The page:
I’LL be honest with you — I’m finding these Level 5 lockdowns pretty easy, if I say so myself.
I’m working from home, watching the odd soccer match on the telly and drama on Netflix, and enjoying saving on the commuting time to the office, while spending more time than ever with my family.
As long as the kids are at school, I feel like I could do this almost indefinitely.
Don’t get me wrong; I would murder a pint and would love some ball-hopping time with my buddies, and a week in Tenerife would be Manna from heaven. Moreover, money is tight as my self-employed wife has had no business practically since March.
But overall, I’m happy to count my blessings, to do my bit for the country, and sit out this horrible virus until the world is a safer place.
But, of course, that’s just me, and I realise how lucky I am that I can afford to be so blasé.
There is a whole other world of people out there who are not in such a fortunate position — these are people who have lost their jobs, or whose jobs are in jeopardy, not because of Covid-19, but because of the lockdowns and restrictions. Entire industries — tourism, travel, the arts, for instance — are in complete limbo.
Then there are those whose mental health is suffering badly, not because of Covid-19, but because of the lockdowns.
Others are missing out on vital hospital appointments, or are failing to get early signs of illness checked out with their doctor.
Entire social supports have been taken away — support organisations, social structures, sports clubs, scouts...
Lonely people are even more ostracised. Reports of domestic violence incidents are rising. Younger people are spending what should be the best days of their lives indoors, with some gaining an unhealthy attachment to social media.
All of this, and more, is down to the lockdown, not Covid-19.
In recent weeks, I am sensing a shift in attitudes towards the way we try to deal with this pandemic, away from the ‘Stop Covid At All Costs’ argument, and towards the ‘We Must Learn To Live With It’ side of the debate.
Once characterised as cold and heartless, that argument — that older and vulnerable people must shield themselves while life goes on for the rest of us, still doing our best to stop the spread of the virus — has become the dominant one.
It has almost become cold and heartless to argue in favour of lockdowns, such is the resentment among large sections of society.
Lockdown I in March was a no-brainer — and I’m mighty glad we did it in a hasty fashion.
Lockdown II which began a few weeks ago still has a majority of people behind it, although there are plenty of dissenters this time.
Common sense dictates that there is every chance of a Lockdown III being proposed by public health experts early next year.
But it’s my strong and growing belief that it will not happen — certainly with nothing like the same level of restrictions as the first two full lockdowns.
By then the majority of people will, I reckon, be of the view that Level 5 for several more agonising weeks will be a step too far.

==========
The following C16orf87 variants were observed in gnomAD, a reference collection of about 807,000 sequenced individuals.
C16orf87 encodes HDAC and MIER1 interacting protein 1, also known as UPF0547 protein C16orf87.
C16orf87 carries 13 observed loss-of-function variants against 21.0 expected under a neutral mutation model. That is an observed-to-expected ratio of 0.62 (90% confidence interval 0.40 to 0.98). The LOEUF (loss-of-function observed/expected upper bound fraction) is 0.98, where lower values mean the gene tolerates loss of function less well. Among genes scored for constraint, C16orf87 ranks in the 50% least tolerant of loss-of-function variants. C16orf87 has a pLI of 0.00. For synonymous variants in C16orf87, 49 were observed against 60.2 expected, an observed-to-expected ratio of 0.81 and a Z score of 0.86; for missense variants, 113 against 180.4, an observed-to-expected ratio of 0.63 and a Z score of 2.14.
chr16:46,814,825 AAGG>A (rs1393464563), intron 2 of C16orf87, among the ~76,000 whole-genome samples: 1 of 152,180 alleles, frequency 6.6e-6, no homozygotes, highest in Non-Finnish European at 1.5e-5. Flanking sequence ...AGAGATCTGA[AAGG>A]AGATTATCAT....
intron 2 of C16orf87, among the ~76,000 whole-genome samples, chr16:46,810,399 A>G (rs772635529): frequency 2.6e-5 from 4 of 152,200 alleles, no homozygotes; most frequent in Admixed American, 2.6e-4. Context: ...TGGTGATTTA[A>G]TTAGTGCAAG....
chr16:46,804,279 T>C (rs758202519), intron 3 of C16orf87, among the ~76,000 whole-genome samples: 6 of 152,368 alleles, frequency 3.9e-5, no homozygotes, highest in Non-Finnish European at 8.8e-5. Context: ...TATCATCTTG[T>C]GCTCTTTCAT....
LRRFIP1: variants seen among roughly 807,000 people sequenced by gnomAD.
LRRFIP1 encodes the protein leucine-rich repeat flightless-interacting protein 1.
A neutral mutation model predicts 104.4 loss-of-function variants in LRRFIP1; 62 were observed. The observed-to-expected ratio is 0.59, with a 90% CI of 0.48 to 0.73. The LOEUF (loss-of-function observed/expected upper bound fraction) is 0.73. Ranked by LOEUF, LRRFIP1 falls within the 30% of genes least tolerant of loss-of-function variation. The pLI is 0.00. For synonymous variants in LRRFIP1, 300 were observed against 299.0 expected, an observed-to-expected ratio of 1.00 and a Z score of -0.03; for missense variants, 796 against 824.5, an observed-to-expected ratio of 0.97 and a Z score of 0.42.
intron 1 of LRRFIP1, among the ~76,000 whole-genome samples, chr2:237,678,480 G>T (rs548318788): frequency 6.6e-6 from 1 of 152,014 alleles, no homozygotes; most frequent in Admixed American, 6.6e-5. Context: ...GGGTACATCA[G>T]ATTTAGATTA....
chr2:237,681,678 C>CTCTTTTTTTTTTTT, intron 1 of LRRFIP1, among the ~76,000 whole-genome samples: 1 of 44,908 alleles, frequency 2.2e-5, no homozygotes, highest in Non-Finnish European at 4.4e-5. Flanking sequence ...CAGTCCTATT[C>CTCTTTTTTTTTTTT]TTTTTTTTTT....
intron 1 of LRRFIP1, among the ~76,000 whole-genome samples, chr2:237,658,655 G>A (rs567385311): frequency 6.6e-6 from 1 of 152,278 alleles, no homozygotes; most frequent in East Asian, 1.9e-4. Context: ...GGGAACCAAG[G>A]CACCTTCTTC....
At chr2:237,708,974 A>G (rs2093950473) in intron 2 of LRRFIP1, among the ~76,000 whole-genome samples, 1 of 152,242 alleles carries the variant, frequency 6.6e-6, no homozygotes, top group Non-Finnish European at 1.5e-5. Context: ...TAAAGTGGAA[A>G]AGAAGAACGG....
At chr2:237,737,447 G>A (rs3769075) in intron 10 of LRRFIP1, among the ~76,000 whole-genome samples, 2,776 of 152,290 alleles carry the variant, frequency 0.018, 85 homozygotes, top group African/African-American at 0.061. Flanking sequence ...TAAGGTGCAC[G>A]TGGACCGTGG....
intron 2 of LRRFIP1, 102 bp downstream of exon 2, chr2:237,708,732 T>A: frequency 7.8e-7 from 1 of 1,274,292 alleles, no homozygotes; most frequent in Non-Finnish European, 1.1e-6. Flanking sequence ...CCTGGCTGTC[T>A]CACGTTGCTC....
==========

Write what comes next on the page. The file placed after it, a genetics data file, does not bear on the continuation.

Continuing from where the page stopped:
The reasoning behind this is usually dominated by the opinions of people whose lives are being badly affected by full lockdowns — workers who are losing their jobs, people whose physical and mental health is suffering, patients missing hospital appointments, and a slew of others.
But my thinking is also shaped by a couple of conversations I had recently, relating to elderly people who had died because of Covid-19.
Now, these people had not contracted the virus, and Covid-19 will not appear on their death certificates. They will not be among the daily numbers of victims we see posted in the evening bulletins.
But, most assuredly, their lives have been cut short by lockdowns and they have been denied a dignified death and funeral because of it — and you wonder how many more such cases have occurred.
Because, put bluntly, if more people are dying from the effects of lockdown than from Covid-19 — in effect, if the cure is worse than the disease — then it simply is not a viable action — and that’s before you factor in all the other detrimental effects of a lockdown relating to jobs and the economy.
The first lockdown death I heard about related to a friend’s elderly mother in a nursing home, who was denied visitors and was missing her family.
My friend said: “It all got too much for her. I feel she couldn’t take any more of the new routine, where her carers and we, her family, had to put on PPE just to see her.”
One of the saddest parts, my friend said, was his mother died knowing her funeral would be attended by so few of her family and friends. That really tugs at the heart.
The second anecdotal story was similar, relating to an elderly gentleman this time, who went from being in fine form at the start of the year to effectively giving up the ghost in the summer, frustrated at being denied access to his family for so long.
Both these anecdotes shook me. I can share no such similar stories about people who have died of Covid-19, although obviously there are many to be heard.
Denying someone a ‘good’ death goes against everything we are about. Denying them a funeral and send-off they deserve also goes against everything we are about.
Every day, we hear a sad update on the number of deaths due to Covid-19.
Imagine if we had a similar update on the number of deaths due to Lockdown.
When the toll for the second starts to match and even surpass the toll for the first, then you know our Government have got a big decision to make.